A class of materials, recently identified by researchers, could pave the way for rapidly charging batteries that could greatly improve the charging speed of portable devices and even help make technologies such as solar power and electric cars more viable. The research was reported in the journal Nature on Wednesday, and was covered in a report from The Guardian.
Generally, charging speeds for lithium ion batteries are limited by the speed at which lithium ions can move through electrode materials to reach a negatively charged electrode where they are stored. These electrode materials are generally ceramic. Researchers have investigated using smaller particles, since nanoparticles would offer a shorter distance for the lithium ions to move.
“The idea is that if you make the distance the lithium ions have to travel shorter, it should give you higher rate performance,” according to the paper’s first author, Cambridge University Department of Chemistry postdoctoral researcher Dr. Kent Griffith, quoted in an article from Phys.org.
“But it’s difficult to make a practical battery with nanoparticles: you get a lot more unwanted chemical reactions with the electrolyte, so the battery doesn’t last as long, plus it’s expensive to make.”
The materials, niobium tungsten oxides, were first discovered in 1965, and offer a rigid and open structure that allows freer movement for the lithium ions. The particles of the material are also larger than in most other electrode materials. Oxides are propped open by oxygen “pillars,” which allow the lithium ions to move three dimensionally through the space.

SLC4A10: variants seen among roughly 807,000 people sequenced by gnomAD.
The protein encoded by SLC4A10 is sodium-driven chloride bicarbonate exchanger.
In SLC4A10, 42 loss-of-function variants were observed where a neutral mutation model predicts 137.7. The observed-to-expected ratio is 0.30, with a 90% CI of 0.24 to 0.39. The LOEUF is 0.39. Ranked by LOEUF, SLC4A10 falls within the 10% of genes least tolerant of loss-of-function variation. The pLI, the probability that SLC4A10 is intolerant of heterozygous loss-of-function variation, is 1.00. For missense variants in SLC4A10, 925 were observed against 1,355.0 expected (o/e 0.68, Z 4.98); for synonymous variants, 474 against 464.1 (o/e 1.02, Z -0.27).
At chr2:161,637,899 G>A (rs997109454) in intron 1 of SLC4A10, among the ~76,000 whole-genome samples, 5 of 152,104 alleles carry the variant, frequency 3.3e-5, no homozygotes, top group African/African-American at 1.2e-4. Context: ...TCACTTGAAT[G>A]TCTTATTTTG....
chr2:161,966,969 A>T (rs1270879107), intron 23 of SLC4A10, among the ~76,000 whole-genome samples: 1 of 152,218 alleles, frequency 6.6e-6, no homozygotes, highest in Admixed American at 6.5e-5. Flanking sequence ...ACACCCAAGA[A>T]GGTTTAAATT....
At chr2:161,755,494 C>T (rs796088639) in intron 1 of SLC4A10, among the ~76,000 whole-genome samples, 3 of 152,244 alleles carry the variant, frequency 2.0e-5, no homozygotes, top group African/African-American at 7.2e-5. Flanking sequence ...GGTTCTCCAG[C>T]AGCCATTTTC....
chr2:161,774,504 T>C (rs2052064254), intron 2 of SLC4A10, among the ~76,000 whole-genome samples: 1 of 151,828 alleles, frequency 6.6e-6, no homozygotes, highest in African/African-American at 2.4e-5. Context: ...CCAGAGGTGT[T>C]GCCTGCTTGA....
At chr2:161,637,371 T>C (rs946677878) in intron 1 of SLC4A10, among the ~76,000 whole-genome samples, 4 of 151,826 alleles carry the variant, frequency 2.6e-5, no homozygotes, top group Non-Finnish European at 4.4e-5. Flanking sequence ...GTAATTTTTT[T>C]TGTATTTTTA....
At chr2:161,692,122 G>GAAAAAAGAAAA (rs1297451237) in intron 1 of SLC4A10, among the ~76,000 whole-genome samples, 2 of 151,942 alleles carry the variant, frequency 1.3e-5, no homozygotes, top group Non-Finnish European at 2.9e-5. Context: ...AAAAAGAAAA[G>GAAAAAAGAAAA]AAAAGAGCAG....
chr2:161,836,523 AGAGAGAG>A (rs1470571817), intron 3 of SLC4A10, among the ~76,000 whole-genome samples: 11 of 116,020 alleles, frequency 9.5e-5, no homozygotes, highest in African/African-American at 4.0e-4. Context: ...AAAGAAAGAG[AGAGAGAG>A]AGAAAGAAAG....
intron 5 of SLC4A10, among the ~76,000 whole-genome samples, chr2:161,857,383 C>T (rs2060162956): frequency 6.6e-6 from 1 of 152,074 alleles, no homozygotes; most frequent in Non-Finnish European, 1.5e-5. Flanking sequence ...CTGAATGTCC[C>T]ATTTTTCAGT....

According to Griffith:
“Many battery materials are based on the same two or three crystal structures, but these niobium tungsten oxides are fundamentally different. The oxygen pillars, or shear planes, make these materials more rigid than other battery compounds, so that, plus their open structures means that more lithium ions can move through them, and far more quickly.”
The researchers used technology, similar to MRI, to measure the speed of lithium ions moving through the material, and found they were moving hundreds of times faster than their speeds through ceramic electrode materials. It could make it possible to develop smartphones that could fully charge in minutes.
They also note that unlike nanotechnology, the materials are inexpensive and relatively simple to produce.
“These oxides are easy to make and don’t require additional chemicals or solvents,” according to Griffith.
The materials could also boost both electric cars and grid-scale solar energy storage, making two key green technologies immediately more viable and convenient, and potentially speeding their adoption.